May 3, 2008 / 4:50 AM / 10 years ago

VH1 ventures into Latin content with "Viva Hollywood"

MIAMI (Billboard) - It’s trashy. It’s racy. It’s deliciously over-the-top, with lots of bare-chested hunks, bikini-clad women and plenty of catfights, fistfights and dramatic deaths.

Welcome to “Viva Hollywood,” the first Latin-themed show on music channel VH1.

A reality show where contestants vie for a role in a Telemundo soap opera as well as a cash prize, “Viva” is a loud celebration of soap opera culture, featuring singer/actors Maria Conchita Alonso (dressed in brazenly provocative outfits) and Carlos Ponce as hosts and Latin fortunetelling icon Walter Mercado (who is known to Latinos everywhere for his flowing cape and lipstick) as sidekick.

The soundtrack to “Viva” is mostly reggaeton, and its theme song has Spanish lyrics, but it’s not a music-themed show. Its absolute embrace of Latin culture, however, is compelling and noteworthy for a channel that has generally been closed to Latin content, Spanish-language fare in particular. In the past decade, VH1 has played only a handful of Spanish-language videos in its rotation.

“We realize that every time we tap into an audience that hasn’t seem themselves in mainstream television, we win,” VH1 executive vice president of programming and development Jeff Olde said. “And there were 12 million viewers that didn’t see themselves in the network. We were looking for something.”

“Viva” was developed by Miami-based entertainment company Latin World Entertainment and Los Angeles-based production company World of Wonder, whose productions include “The RuPaul Show.”


“We’re obsessed with pop culture and very much in love with Latin culture and the intersection of the two,” said filmmaker Randy Barbato (“The Eyes of Tammy Faye,” “Inside Deep Throat”), who’s a partner in World of Wonder and executive producer of “Viva.” “And we’re very aware that while so much of Latin television is hugely popular in America, it isn’t always translated into mainstream channels.”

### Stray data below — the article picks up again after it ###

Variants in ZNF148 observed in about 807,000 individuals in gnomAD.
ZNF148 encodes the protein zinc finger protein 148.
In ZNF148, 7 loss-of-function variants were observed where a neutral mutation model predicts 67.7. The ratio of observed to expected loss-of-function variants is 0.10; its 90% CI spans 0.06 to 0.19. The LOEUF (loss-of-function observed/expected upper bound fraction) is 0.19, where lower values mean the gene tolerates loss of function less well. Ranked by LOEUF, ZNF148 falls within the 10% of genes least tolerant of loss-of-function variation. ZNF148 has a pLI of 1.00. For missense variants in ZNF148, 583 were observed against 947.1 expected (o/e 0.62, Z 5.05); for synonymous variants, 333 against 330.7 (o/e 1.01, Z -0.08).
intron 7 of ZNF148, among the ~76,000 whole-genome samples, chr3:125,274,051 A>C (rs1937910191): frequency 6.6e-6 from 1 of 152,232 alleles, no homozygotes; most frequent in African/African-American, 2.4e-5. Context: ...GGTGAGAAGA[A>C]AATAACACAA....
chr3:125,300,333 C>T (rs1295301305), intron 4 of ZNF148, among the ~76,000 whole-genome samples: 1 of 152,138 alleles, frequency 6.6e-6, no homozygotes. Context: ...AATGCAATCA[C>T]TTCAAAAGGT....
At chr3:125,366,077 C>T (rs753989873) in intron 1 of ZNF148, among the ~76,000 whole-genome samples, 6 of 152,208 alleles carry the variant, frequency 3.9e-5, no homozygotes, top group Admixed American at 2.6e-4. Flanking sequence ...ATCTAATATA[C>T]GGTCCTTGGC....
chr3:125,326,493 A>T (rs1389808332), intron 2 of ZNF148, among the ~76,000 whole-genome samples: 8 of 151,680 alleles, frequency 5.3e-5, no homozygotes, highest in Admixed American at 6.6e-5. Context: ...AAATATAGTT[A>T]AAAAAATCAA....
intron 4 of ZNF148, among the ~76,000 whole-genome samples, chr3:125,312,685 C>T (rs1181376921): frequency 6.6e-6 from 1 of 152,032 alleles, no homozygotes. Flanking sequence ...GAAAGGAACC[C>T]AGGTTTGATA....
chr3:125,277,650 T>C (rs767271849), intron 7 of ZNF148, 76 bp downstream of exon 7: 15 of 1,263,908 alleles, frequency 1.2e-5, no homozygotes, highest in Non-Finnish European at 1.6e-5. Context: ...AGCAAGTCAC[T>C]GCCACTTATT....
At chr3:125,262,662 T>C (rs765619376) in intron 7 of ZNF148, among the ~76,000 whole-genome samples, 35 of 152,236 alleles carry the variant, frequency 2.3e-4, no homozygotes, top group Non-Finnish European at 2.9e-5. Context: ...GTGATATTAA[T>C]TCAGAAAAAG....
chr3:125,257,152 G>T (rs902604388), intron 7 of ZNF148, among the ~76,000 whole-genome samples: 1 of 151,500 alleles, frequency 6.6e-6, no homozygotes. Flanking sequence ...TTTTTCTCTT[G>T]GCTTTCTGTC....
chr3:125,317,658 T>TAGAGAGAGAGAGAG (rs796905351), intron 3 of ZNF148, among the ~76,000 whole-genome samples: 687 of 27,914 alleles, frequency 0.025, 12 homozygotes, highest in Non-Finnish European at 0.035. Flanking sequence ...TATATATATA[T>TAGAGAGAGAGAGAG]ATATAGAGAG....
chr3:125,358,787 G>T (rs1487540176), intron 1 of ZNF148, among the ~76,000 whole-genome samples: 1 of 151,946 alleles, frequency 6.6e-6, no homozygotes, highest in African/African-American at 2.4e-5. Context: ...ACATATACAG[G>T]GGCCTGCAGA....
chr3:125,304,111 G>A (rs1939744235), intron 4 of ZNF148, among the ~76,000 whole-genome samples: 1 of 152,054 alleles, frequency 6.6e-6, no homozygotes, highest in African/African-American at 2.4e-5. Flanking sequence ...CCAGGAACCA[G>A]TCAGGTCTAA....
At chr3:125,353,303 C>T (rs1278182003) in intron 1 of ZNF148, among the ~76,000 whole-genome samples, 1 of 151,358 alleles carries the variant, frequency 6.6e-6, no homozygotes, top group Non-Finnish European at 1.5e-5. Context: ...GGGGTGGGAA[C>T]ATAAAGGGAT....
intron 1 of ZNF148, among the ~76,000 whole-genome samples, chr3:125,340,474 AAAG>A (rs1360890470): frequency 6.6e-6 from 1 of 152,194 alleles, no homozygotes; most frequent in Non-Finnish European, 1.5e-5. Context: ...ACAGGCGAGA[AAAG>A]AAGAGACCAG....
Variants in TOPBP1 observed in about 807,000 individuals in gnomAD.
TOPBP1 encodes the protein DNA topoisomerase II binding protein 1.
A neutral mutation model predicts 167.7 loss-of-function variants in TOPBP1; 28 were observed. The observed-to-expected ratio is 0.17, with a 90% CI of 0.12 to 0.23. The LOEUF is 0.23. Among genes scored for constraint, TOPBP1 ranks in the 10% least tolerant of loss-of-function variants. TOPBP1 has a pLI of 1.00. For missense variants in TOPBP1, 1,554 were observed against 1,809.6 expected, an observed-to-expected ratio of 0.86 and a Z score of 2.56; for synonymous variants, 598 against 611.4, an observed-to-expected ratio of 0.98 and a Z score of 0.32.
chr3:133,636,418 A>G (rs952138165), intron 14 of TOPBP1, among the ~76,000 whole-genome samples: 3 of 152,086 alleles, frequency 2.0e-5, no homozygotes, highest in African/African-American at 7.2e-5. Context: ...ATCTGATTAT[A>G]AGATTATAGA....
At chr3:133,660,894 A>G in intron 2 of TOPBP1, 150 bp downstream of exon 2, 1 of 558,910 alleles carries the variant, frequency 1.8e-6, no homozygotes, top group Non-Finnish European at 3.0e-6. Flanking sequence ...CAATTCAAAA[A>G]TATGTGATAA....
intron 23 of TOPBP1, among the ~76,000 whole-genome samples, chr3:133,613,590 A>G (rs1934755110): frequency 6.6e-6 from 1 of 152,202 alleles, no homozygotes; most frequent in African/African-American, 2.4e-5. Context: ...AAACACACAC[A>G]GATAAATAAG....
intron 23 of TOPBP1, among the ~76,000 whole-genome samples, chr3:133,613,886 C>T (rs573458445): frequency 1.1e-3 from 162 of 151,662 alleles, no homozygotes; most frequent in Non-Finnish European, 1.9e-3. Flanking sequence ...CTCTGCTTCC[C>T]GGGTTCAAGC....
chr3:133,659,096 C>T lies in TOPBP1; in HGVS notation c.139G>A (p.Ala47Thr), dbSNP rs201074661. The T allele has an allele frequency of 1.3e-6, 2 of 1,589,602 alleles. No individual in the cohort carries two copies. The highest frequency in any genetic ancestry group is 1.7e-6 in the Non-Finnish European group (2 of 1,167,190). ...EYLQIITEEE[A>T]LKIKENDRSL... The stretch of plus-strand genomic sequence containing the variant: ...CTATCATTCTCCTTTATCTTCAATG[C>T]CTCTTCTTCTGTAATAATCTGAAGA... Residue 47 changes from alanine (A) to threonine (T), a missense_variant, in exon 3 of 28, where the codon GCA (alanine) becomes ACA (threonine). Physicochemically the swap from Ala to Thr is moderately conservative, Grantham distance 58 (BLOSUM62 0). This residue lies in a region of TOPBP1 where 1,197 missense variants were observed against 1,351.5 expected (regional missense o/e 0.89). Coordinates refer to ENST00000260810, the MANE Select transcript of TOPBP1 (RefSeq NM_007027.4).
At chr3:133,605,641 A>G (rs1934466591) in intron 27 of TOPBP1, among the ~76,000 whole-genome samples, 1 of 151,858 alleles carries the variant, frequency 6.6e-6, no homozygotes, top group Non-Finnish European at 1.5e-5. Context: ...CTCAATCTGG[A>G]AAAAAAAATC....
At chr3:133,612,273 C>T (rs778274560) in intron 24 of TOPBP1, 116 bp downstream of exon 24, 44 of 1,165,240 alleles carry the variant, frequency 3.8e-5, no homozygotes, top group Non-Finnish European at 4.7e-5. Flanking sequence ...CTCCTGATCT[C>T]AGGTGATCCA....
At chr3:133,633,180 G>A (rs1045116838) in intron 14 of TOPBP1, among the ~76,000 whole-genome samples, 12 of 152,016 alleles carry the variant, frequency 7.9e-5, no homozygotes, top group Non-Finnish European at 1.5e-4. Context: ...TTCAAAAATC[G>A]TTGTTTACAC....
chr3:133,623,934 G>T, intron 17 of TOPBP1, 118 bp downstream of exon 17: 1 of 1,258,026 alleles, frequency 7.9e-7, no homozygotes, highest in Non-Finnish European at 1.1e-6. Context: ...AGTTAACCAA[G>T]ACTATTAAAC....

Barbato partnered with Latin World and developed “Viva” for the Oxygen network as a reality show for actors with crossover aspirations. But its content changed dramatically when producers pitched it to VH1.

Now, “Viva” is the “only show where you have Latin stars who are known in the mainstream — like Perez Hilton, Daisy Fuentes, Charo and Cheech Marin — together with eminently Latin celebrities like Christian de la Fuente, Angelica Vale and Sofia Vergara,” Latin World president Luis Balaguer said.

“Viva” also stands out because many of its contestants speak heavily accented English. And its telenovela scenes are in Spanish, with English subtitles.

“We wanted that crossover MTV/VH1 audience that has grown up watching telenovelas at home and can feel them and identify,” Balaguer said.

But, perhaps because it reflects an increasingly culturally diverse American mainstream, the show manages to strike a balance, attracting viewers who aren’t Latin as well as those who have never seen a soap. According to Olde, “Viva,” which airs Sundays at 10 p.m. and has entered its third week, has already garnered a 21 percent jump in viewership.

If the audience for “Viva” continues to build, Barbato said, “the hope is to begin a franchise that not only celebrates telenovelas and Latin stars but most specifically Latin music.”

Already in the works is a reality show based on Mexican American singer Jenni Rivera’s life. “She’s fabulous,” Barbato said.


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